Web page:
Books on Trains

I recently had the opportunity to take a train to Oregon, a 40 hour journey. Most might balk at the thought of trundling along at 70 mph, making stops every hour or two along the way, and occasionally getting delayed by freight trains stuck in tunnels, but I’ve come to enjoy train travel, limited though it is for those of us not living in the Northeast. I read 4 books on my trip – all dutifully loaded onto my Nook via Overdrive beforehand – and I’d like to review two of them here.

The Anubis Gates by Tim Powers

I read this book, published in 1983 (making it nearly as old as I am, being, as it were, published in 1982) because it was suppose to be ‘steampunk‘. It was most definitely not steampunk, but no matter – The Anubis Gates was absolutely thrilling, difficult to put down, and very likely the best novel I’ve read this year. Even 30 years on, Tim Powers’ masterfully woven story of time travel, sorcerer-magicians, Lord Byron, Samuel Coleridge, demented clowns and long-dead gods, all perfectly blended with bits horror and humor, still makes for a grand adventure.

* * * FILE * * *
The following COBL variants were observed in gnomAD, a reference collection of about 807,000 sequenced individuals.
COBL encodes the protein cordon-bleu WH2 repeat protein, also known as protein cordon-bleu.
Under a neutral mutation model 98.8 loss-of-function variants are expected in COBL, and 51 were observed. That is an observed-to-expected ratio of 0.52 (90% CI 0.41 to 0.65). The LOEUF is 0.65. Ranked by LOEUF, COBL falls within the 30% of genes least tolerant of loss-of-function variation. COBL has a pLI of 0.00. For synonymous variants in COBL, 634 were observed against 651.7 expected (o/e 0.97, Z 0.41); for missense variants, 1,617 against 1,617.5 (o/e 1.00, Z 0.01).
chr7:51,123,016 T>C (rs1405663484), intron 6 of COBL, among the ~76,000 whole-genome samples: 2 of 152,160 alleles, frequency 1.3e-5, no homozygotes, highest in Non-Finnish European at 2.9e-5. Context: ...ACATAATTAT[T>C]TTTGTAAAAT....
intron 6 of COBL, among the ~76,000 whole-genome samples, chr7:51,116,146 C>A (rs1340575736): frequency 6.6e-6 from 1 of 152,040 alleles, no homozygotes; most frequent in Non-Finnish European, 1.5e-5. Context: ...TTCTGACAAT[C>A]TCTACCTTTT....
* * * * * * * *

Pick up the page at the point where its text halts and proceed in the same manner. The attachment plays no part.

The Prague Cemetery by Umberto Eco

This is the fifth of Eco’s novels I’ve read and each time I pick one up, I get the same overwhelming sense – like drowning by book. But I should really should have more faith in Eco by now because undoubtedly 50 pages in, I’m totally hooked. Such was the case with The Prague Cemetery. Eco is a gifted storyteller, bringing alive history, philosophy, theology and more, in stories that, while complex, reward careful reading. The protagonist – Simone Simonini, a raging anti-Semite – is thoroughly repulsive but captivating nonetheless.

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